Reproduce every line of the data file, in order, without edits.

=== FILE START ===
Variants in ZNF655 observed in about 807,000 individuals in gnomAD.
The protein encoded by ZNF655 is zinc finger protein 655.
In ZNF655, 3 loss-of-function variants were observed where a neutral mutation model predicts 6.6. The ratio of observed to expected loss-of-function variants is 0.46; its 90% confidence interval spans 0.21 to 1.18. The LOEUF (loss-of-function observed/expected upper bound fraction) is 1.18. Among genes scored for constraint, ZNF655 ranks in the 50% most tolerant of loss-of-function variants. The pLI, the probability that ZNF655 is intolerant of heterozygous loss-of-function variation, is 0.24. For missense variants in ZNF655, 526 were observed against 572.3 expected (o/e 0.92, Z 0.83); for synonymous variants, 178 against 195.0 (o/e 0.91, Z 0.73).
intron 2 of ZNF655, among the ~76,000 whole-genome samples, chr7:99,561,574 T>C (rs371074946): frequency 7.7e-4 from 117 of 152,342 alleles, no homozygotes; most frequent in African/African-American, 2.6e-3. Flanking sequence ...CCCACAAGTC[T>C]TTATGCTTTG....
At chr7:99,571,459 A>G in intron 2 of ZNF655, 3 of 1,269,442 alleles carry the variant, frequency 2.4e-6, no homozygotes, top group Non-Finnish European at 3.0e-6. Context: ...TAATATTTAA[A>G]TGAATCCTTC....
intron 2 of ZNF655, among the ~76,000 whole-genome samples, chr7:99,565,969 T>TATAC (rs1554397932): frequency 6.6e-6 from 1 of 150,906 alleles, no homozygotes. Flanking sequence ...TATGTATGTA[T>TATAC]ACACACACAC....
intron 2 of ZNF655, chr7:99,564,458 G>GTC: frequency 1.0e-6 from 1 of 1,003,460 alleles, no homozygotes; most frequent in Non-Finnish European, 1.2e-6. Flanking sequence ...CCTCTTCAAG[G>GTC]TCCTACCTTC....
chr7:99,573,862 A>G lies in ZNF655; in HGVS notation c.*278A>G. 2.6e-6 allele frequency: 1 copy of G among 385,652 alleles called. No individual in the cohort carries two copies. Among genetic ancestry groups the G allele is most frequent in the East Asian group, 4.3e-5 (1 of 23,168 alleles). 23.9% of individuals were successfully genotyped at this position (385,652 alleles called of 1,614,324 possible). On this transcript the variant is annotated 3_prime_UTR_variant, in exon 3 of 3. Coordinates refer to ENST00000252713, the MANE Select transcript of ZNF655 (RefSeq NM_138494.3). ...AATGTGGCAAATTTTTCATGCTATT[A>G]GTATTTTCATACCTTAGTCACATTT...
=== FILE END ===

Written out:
Variants in ZNF655 observed in about 807,000 individuals in gnomAD.
The protein encoded by ZNF655 is zinc finger protein 655.
In ZNF655, 3 loss-of-function variants were observed where a neutral mutation model predicts 6.6. The ratio of observed to expected loss-of-function variants is 0.46; its 90% confidence interval spans 0.21 to 1.18. The LOEUF (loss-of-function observed/expected upper bound fraction) is 1.18. Among genes scored for constraint, ZNF655 ranks in the 50% most tolerant of loss-of-function variants. The pLI, the probability that ZNF655 is intolerant of heterozygous loss-of-function variation, is 0.24. For missense variants in ZNF655, 526 were observed against 572.3 expected (o/e 0.92, Z 0.83); for synonymous variants, 178 against 195.0 (o/e 0.91, Z 0.73).
intron 2 of ZNF655, among the ~76,000 whole-genome samples, chr7:99,561,574 T>C (rs371074946): frequency 7.7e-4 from 117 of 152,342 alleles, no homozygotes; most frequent in African/African-American, 2.6e-3. Flanking sequence ...CCCACAAGTC[T>C]TTATGCTTTG....
At chr7:99,571,459 A>G in intron 2 of ZNF655, 3 of 1,269,442 alleles carry the variant, frequency 2.4e-6, no homozygotes, top group Non-Finnish European at 3.0e-6. Context: ...TAATATTTAA[A>G]TGAATCCTTC....
intron 2 of ZNF655, among the ~76,000 whole-genome samples, chr7:99,565,969 T>TATAC (rs1554397932): frequency 6.6e-6 from 1 of 150,906 alleles, no homozygotes. Flanking sequence ...TATGTATGTA[T>TATAC]ACACACACAC....
intron 2 of ZNF655, chr7:99,564,458 G>GTC: frequency 1.0e-6 from 1 of 1,003,460 alleles, no homozygotes; most frequent in Non-Finnish European, 1.2e-6. Flanking sequence ...CCTCTTCAAG[G>GTC]TCCTACCTTC....
chr7:99,573,862 A>G lies in ZNF655; in HGVS notation c.*278A>G. 2.6e-6 allele frequency: 1 copy of G among 385,652 alleles called. No individual in the cohort carries two copies. Among genetic ancestry groups the G allele is most frequent in the East Asian group, 4.3e-5 (1 of 23,168 alleles). 23.9% of individuals were successfully genotyped at this position (385,652 alleles called of 1,614,324 possible). On this transcript the variant is annotated 3_prime_UTR_variant, in exon 3 of 3. Coordinates refer to ENST00000252713, the MANE Select transcript of ZNF655 (RefSeq NM_138494.3). ...AATGTGGCAAATTTTTCATGCTATT[A>G]GTATTTTCATACCTTAGTCACATTT...